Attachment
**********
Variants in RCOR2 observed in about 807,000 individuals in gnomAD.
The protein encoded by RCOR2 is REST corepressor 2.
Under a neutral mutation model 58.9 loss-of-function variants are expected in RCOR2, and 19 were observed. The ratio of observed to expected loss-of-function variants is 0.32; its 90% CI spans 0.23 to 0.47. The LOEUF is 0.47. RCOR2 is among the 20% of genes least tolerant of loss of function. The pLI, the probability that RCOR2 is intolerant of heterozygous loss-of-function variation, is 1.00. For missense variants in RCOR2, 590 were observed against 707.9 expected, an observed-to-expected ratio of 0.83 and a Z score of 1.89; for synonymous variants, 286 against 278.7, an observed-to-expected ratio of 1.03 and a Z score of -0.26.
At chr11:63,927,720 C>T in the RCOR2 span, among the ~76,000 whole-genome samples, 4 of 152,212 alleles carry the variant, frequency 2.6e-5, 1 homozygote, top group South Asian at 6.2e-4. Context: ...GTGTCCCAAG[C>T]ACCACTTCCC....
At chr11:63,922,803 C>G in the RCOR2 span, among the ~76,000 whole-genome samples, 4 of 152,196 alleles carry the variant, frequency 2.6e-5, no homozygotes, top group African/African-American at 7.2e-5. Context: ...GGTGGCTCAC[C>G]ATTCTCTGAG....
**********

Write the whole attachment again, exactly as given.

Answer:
Variants in RCOR2 observed in about 807,000 individuals in gnomAD.
The protein encoded by RCOR2 is REST corepressor 2.
Under a neutral mutation model 58.9 loss-of-function variants are expected in RCOR2, and 19 were observed. The ratio of observed to expected loss-of-function variants is 0.32; its 90% CI spans 0.23 to 0.47. The LOEUF is 0.47. RCOR2 is among the 20% of genes least tolerant of loss of function. The pLI, the probability that RCOR2 is intolerant of heterozygous loss-of-function variation, is 1.00. For missense variants in RCOR2, 590 were observed against 707.9 expected, an observed-to-expected ratio of 0.83 and a Z score of 1.89; for synonymous variants, 286 against 278.7, an observed-to-expected ratio of 1.03 and a Z score of -0.26.
At chr11:63,927,720 C>T in the RCOR2 span, among the ~76,000 whole-genome samples, 4 of 152,212 alleles carry the variant, frequency 2.6e-5, 1 homozygote, top group South Asian at 6.2e-4. Context: ...GTGTCCCAAG[C>T]ACCACTTCCC....
At chr11:63,922,803 C>G in the RCOR2 span, among the ~76,000 whole-genome samples, 4 of 152,196 alleles carry the variant, frequency 2.6e-5, no homozygotes, top group African/African-American at 7.2e-5. Context: ...GGTGGCTCAC[C>G]ATTCTCTGAG....